Robert H. Shmerling, MD

Robert H. Shmerling, MD, is the former Clinical Chief of the Division of Rheumatology at Beth Israel Deaconess Medical Center (BIDMC) and an Associate Professor of Medicine at Harvard Medical School in Boston. He served for more than two decades as the Robinson Firm Chief in the teaching program of the BIDMC internal medicine residency. As a practicing rheumatologist for over 30 years, Dr. Shmerling has engaged in a mix of patient care, teaching, and research. His practice has included challenging patients, both in the clinic and the inpatient consultation service. His research interests center on diagnostic studies in patients with musculoskeletal symptoms, rheumatic, and autoimmune diseases. He has published research regarding infectious arthritis and how well diagnostic tests perform in patients with suspected rheumatic disease.


Posts by Robert H. Shmerling, MD

COVID-19: If you’re older and have chronic health problems, read this

Robert H. Shmerling, MD

Faculty Editor, Harvard Health Publishing

Older people who have a chronic medical condition are at increased risk for severe disease and death if they contract COVID-19. Just how old is “older,” what constitutes chronic disease, and how can you lower risks?

OK, boomer: You’re not the only one who needs testing for hepatitis C

Robert H. Shmerling, MD

Faculty Editor, Harvard Health Publishing

Recent guidelines for screening for hepatitis C focused on baby boomers because that population had most of the undiagnosed infections, but because new infections are increasing fastest in those 20 to 39, the guidelines have been revised.

Harvard Health Ad Watch: What’s being cleansed in a detox cleanse?

Robert H. Shmerling, MD

Faculty Editor, Harvard Health Publishing

The idea of a detox diet or cleanse seems like it might be beneficial, and the advertising is certainly compelling, but these products are not regulated in any way. Evidence of beneficial effects from using them is limited, and there are reports of side effects and complications.

Harvard Health Ad Watch: Are nutritional drinks actually good for you?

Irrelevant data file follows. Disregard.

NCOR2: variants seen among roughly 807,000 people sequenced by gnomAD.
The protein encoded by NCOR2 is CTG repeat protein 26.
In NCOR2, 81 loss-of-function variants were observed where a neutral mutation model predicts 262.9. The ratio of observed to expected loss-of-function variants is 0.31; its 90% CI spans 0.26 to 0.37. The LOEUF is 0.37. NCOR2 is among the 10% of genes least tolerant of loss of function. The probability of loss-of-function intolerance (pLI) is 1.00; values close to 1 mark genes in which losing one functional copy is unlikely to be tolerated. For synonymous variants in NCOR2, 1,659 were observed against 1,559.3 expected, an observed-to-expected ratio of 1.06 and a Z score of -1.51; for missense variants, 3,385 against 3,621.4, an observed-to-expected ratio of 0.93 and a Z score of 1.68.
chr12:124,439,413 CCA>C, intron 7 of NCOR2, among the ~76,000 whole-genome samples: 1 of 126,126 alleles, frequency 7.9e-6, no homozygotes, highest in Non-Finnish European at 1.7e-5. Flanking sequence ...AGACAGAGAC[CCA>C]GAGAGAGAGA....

Robert H. Shmerling, MD

Faculty Editor, Harvard Health Publishing

If you believe ads for nutritional supplement drinks, you might think you can improve your health by drinking them. But for most people, their value is questionable and their cost adds up.

Is there any good news about the coronavirus pandemic?

Robert H. Shmerling, MD

Faculty Editor, Harvard Health Publishing

It’s easy to feel overwhelmed by the daily flood of news about the coronavirus and COVID-19. Here’s some positive news and reasons to feel optimism.

Time to redefine normal body temperature?

Robert H. Shmerling, MD

Faculty Editor, Harvard Health Publishing

Is 98.6˚ F still the norm for body temperature? Data collected over almost 160 years show that the normal body temperature has been declining and is now roughly one degree lower.

Can stress really make hair (or fur?) turn gray?

Robert H. Shmerling, MD

Faculty Editor, Harvard Health Publishing

Does stress really turn hair gray? Scientists conducted experiments that simulated stress and led to gray hair—in mice, which does not mean it’s true for humans, regardless of what you may have heard in the media.

Hands or feet asleep? What to do

Robert H. Shmerling, MD

Faculty Editor, Harvard Health Publishing

It’s happened to all of us: a hand or leg temporarily “falls asleep,” usually from being in one position for too long. Why does it happen? Are there times when you should be concerned about it?

Good for your teeth, bad for your bones?

Robert H. Shmerling, MD

Faculty Editor, Harvard Health Publishing

Could an ingredient in toothpaste be harmful to your bones? Triclosan, an antibacterial agent, has been banned from soaps and hand sanitizers by the FDA, and researchers have found that women with the highest levels of triclosan in their urine had low bone density measurements.

Be careful where you get your news about coronavirus

Robert H. Shmerling, MD

Faculty Editor, Harvard Health Publishing

New information about the spread of coronavirus is coming at us seemingly every minute from many sources. But how much of this information is trustworthy? And which sources should you believe?